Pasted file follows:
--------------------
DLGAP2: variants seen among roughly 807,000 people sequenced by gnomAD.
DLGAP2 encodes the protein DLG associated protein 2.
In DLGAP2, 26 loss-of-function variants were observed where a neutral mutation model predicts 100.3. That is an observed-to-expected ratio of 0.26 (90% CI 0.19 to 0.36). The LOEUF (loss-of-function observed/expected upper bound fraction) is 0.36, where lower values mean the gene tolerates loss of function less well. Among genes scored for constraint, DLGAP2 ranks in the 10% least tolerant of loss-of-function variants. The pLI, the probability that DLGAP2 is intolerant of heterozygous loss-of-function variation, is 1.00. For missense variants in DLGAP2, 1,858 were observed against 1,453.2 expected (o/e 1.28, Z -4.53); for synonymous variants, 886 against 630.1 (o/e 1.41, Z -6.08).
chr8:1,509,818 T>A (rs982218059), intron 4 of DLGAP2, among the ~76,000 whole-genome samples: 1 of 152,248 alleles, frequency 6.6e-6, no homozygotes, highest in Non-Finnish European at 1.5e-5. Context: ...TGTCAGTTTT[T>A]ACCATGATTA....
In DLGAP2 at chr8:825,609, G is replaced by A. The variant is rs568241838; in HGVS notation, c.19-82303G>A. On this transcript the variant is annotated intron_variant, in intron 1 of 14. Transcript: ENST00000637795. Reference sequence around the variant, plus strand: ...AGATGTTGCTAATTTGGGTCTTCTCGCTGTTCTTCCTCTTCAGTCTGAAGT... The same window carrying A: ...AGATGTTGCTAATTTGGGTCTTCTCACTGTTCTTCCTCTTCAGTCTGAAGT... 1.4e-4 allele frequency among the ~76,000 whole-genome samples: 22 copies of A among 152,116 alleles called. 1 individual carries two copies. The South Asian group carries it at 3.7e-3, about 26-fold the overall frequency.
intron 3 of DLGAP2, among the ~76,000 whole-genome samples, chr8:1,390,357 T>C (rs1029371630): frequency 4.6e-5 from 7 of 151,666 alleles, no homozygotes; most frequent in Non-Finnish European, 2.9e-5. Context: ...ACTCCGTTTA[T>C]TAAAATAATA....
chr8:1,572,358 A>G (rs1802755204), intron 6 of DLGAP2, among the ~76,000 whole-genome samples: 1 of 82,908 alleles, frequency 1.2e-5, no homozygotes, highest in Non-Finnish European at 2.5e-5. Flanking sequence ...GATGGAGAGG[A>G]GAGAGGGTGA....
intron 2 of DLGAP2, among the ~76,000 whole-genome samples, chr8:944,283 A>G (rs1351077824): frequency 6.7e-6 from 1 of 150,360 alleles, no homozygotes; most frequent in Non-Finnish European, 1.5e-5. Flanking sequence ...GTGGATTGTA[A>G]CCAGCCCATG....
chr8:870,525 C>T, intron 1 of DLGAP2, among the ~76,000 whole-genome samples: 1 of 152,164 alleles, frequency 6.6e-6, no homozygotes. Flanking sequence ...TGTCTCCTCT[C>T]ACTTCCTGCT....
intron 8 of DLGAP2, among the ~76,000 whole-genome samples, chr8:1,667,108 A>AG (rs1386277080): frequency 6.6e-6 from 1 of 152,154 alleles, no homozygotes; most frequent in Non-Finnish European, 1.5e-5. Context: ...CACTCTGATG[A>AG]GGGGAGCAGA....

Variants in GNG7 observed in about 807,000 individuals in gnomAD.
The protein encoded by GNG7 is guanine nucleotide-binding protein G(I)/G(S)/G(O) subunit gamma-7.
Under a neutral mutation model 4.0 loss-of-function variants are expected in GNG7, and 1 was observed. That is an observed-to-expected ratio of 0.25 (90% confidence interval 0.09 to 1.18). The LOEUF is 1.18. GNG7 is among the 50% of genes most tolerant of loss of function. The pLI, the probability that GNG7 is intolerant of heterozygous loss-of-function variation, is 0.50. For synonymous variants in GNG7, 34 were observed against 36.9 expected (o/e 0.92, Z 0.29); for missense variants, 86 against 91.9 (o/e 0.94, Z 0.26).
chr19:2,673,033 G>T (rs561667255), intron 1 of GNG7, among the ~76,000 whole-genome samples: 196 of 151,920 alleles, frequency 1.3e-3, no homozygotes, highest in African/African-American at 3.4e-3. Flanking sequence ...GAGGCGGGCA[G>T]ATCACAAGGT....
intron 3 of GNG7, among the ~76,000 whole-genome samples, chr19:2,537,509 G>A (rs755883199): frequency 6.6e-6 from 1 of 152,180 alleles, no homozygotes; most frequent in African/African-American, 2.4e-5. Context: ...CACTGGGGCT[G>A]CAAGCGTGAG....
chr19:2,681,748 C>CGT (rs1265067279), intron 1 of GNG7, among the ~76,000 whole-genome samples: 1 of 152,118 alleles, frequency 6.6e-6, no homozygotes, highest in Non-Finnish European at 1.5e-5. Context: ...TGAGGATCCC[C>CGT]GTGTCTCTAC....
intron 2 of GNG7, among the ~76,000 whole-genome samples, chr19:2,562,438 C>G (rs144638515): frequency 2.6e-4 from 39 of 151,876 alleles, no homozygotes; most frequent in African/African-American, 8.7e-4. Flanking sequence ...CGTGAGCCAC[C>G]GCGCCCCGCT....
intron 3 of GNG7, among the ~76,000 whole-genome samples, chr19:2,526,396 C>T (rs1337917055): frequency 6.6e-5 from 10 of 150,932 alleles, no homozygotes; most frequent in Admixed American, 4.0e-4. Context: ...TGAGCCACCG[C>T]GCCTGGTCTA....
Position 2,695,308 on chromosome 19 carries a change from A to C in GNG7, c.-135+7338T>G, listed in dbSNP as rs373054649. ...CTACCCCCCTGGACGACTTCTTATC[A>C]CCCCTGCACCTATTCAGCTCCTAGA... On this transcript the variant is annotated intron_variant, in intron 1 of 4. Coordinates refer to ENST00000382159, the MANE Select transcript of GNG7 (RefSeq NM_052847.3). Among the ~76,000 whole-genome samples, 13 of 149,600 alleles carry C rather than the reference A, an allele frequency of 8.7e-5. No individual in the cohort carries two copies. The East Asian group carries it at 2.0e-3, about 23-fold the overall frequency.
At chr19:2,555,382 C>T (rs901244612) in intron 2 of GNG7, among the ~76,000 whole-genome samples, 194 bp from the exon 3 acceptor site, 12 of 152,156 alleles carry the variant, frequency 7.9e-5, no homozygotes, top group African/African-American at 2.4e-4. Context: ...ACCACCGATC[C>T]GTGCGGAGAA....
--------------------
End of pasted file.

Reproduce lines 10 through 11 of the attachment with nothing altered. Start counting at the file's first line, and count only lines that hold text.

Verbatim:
intron 8 of DLGAP2, among the ~76,000 whole-genome samples, chr8:1,667,108 A>AG (rs1386277080): frequency 6.6e-6 from 1 of 152,154 alleles, no homozygotes; most frequent in Non-Finnish European, 1.5e-5. Context: ...CACTCTGATG[A>AG]GGGGAGCAGA....

Variants in GNG7 observed in about 807,000 individuals in gnomAD.